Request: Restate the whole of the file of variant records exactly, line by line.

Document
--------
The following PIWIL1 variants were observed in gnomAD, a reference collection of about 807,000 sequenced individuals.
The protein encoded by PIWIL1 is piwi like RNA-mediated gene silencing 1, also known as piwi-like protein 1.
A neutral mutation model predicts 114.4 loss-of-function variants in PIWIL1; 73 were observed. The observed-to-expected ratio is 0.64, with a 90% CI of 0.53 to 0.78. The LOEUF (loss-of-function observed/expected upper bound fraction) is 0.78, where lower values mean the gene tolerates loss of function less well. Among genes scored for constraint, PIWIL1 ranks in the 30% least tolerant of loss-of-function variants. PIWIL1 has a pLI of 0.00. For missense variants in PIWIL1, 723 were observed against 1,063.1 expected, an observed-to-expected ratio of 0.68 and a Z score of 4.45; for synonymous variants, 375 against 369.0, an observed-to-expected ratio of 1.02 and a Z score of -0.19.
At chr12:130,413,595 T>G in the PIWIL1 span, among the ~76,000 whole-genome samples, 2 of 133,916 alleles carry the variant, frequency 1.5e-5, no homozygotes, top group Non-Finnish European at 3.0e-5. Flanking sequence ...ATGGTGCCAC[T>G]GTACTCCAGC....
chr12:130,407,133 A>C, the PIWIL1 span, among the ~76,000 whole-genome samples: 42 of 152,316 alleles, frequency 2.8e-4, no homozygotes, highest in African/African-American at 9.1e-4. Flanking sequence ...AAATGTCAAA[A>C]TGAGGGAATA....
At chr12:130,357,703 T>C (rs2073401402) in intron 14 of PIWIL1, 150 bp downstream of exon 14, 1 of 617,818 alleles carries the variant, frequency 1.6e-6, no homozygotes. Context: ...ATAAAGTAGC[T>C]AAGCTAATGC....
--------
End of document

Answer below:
The following PIWIL1 variants were observed in gnomAD, a reference collection of about 807,000 sequenced individuals.
The protein encoded by PIWIL1 is piwi like RNA-mediated gene silencing 1, also known as piwi-like protein 1.
A neutral mutation model predicts 114.4 loss-of-function variants in PIWIL1; 73 were observed. The observed-to-expected ratio is 0.64, with a 90% CI of 0.53 to 0.78. The LOEUF (loss-of-function observed/expected upper bound fraction) is 0.78, where lower values mean the gene tolerates loss of function less well. Among genes scored for constraint, PIWIL1 ranks in the 30% least tolerant of loss-of-function variants. PIWIL1 has a pLI of 0.00. For missense variants in PIWIL1, 723 were observed against 1,063.1 expected, an observed-to-expected ratio of 0.68 and a Z score of 4.45; for synonymous variants, 375 against 369.0, an observed-to-expected ratio of 1.02 and a Z score of -0.19.
At chr12:130,413,595 T>G in the PIWIL1 span, among the ~76,000 whole-genome samples, 2 of 133,916 alleles carry the variant, frequency 1.5e-5, no homozygotes, top group Non-Finnish European at 3.0e-5. Flanking sequence ...ATGGTGCCAC[T>G]GTACTCCAGC....
chr12:130,407,133 A>C, the PIWIL1 span, among the ~76,000 whole-genome samples: 42 of 152,316 alleles, frequency 2.8e-4, no homozygotes, highest in African/African-American at 9.1e-4. Flanking sequence ...AAATGTCAAA[A>C]TGAGGGAATA....
At chr12:130,357,703 T>C (rs2073401402) in intron 14 of PIWIL1, 150 bp downstream of exon 14, 1 of 617,818 alleles carries the variant, frequency 1.6e-6, no homozygotes. Context: ...ATAAAGTAGC[T>C]AAGCTAATGC....